Advice would be greatfully appreciated

StillLearningStillLearning Posts: 180

Hi

A couple of weeks ago I purchased some healthy potted plants from a garden centre that was unfortunately closing down. They have been sat waiting patiently to go into the soil - I am itching to get them in and was sorely tempted yesterday with the sunny day we had here in Thame wondered if it is safe to go ahead or should I wait another couple of weeks they are:Rosemary really large bushes (one is starting to look pale) - Hardy Spring Flowering Broom- Agapanthus - Miscanthus Zebra (I have trimmed back last years dead leaves that were around 18" in height - Advice would be greatly appreciated Many thanks Ann

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  • nutcutletnutcutlet Posts: 24,230

    If they were outside you  needn't wait for warmer weather. Wet is the problem this year and it depends what your soil's like. I would plant is some parts of my garden, not others. If you dig a hole and it doesn't fill with water and the soil isn't shiny wet you should be OK

  • StillLearningStillLearning Posts: 180

    Hi Nutcutlet they are all sat outside and were outside when I bought them and we are fortunate here that the soil is very damp but not water logged - if I plant them after work tomorrow evening and then give them a dressing of manure this weekend fingers crossed all should be ok?

    Edd - The one Rosemary is looking really sad for herself very pale don't think looking at her she would last till April......(she is a good 20" high) so would be sad to lose her

     

  • nutcutletnutcutlet Posts: 24,230

    The rosemary will be better in the ground, most things are unless it's the wrong ground or they're not hardy. Don't give the rosemary manure, it won't need any extra moisture holding or feeding. 

  • punkdocpunkdoc Posts: 5,199

    I think that sometimes people forget, that if they dont have a greenhouse, then plants outside in pots are often at more risk from frost than if they were planted in the soil.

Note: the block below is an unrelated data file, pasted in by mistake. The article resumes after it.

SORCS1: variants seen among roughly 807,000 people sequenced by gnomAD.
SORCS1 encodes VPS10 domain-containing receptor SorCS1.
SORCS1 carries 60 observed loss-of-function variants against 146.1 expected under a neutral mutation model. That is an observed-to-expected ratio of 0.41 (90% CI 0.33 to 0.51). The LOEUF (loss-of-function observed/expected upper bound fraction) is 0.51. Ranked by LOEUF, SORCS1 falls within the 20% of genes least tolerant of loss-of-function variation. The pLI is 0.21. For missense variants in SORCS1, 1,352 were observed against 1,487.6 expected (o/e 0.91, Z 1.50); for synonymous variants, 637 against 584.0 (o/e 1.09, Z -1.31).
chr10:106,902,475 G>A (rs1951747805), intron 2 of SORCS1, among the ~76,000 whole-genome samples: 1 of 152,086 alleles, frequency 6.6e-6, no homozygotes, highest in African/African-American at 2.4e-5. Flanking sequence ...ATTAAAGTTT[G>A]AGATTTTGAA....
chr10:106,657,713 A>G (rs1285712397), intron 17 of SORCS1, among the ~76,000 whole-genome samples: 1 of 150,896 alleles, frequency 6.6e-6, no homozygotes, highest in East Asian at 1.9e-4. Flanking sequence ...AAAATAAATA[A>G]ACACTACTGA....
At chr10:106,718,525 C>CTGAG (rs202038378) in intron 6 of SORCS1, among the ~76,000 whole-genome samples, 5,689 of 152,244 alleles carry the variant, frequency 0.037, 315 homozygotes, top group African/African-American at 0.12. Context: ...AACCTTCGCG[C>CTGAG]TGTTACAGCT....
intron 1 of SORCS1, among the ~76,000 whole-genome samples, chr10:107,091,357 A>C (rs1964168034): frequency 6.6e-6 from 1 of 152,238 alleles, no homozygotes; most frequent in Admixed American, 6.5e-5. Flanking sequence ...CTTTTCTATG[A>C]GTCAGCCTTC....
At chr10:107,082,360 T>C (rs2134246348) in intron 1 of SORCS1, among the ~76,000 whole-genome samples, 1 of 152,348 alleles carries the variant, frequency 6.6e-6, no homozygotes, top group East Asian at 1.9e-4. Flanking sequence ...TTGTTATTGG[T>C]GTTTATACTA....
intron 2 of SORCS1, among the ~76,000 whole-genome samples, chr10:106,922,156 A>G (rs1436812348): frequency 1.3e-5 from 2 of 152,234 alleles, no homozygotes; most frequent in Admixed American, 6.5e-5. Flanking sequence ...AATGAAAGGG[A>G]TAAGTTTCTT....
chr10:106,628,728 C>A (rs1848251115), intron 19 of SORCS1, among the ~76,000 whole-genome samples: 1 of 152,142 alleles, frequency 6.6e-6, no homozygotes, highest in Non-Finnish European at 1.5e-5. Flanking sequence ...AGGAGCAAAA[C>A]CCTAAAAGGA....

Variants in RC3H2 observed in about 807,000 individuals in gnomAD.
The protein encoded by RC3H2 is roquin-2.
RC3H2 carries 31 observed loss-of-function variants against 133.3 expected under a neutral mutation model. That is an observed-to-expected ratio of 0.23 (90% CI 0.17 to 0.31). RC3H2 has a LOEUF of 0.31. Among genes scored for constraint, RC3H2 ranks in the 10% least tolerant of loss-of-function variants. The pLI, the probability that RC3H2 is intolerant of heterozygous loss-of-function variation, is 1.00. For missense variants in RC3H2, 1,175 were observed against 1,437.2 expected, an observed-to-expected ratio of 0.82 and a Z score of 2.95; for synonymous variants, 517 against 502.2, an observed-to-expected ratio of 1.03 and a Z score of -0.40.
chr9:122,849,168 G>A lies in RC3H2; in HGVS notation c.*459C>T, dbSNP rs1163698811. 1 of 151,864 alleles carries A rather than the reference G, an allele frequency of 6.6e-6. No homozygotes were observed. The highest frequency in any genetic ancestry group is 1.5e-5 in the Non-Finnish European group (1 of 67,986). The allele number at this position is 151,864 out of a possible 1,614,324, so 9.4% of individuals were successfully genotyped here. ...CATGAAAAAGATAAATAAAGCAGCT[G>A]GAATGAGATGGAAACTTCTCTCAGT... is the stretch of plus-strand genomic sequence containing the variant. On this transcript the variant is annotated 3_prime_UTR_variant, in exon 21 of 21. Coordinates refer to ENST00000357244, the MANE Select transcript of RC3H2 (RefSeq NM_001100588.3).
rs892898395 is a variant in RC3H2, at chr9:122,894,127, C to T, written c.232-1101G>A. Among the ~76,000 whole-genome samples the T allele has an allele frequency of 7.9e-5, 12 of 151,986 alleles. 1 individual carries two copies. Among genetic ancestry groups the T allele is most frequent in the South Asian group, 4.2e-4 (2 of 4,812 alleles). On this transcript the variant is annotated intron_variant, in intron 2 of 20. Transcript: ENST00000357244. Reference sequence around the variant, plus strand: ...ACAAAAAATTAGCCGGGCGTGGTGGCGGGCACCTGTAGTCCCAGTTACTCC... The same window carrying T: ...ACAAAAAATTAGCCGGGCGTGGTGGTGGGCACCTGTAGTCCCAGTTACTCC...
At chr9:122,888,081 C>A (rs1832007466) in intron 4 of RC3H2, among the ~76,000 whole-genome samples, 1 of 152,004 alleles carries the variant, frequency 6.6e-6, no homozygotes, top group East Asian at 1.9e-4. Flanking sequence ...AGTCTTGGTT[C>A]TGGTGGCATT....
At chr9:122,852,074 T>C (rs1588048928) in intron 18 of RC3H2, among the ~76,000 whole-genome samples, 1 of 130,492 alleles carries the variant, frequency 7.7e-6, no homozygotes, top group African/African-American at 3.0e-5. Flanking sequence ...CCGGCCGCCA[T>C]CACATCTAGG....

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  • StillLearningStillLearning Posts: 180

    Hi Punkdoc it was a gamble I was willing to take as the plants were in a closing down sale priced to sell from a National Trust garden centre here that was closing down - I have all the pots cuddled together surrounded in fleece - and they were in an outside area of the garden centre that was not so well protected.......

  • DovefromaboveDovefromabove Central Norfolk UKPosts: 43,619

    Rosemary  does not like having cold wet feet; it needs really well-drained soil.  I would try to plant it at the top of a slope, no matter how slight, and dig out a large hole and incorporate a good quantity of coarse grit into the soil below and around the roots. image

    No-one knows if you've done your housework, but everyone knows if you've done your gardening !
  • StillLearningStillLearning Posts: 180

    Thanks Dove that's great help it is going in my proposed new herb garden which isn't on a slope so if I give it extra grit should that be ok? image

  • nutcutletnutcutlet Posts: 24,230

    Unless it's a lot colder where you are than it is here you won't need fleece this year (so far).

  • DovefromaboveDovefromabove Central Norfolk UKPosts: 43,619

    Have a look and see if water is accumulating anywhere - if it is don't plant your Mediterranean herbs, rosemary, thyme, oregano etc, in that spot.  They all need good drainage so make a Mediterranean area and dig in lots of grit and they should be fine.  

    I had to move my rosemary last winter as our newly paved terrace spilled water onto that area - the rosemary and bay are now in terracotta pots on the terrace behind the herb bed. Now I've noticed that the thyme and oregano are also getting the run off from the terrace - I'm going to lift them and put them in a stone trough (with lots of grit and a loam-based compost) - they'll be happier there.  image

    No-one knows if you've done your housework, but everyone knows if you've done your gardening !
  • BookertooBookertoo Posts: 1,306

      Oregano has, delightfully, become a weed in this garden.  I had several different kinds in pots, they have all self seeded everywhere, and thrive with no attention whatsoever.  Mind, this garden drains pretty well, which is a good thing this year. 

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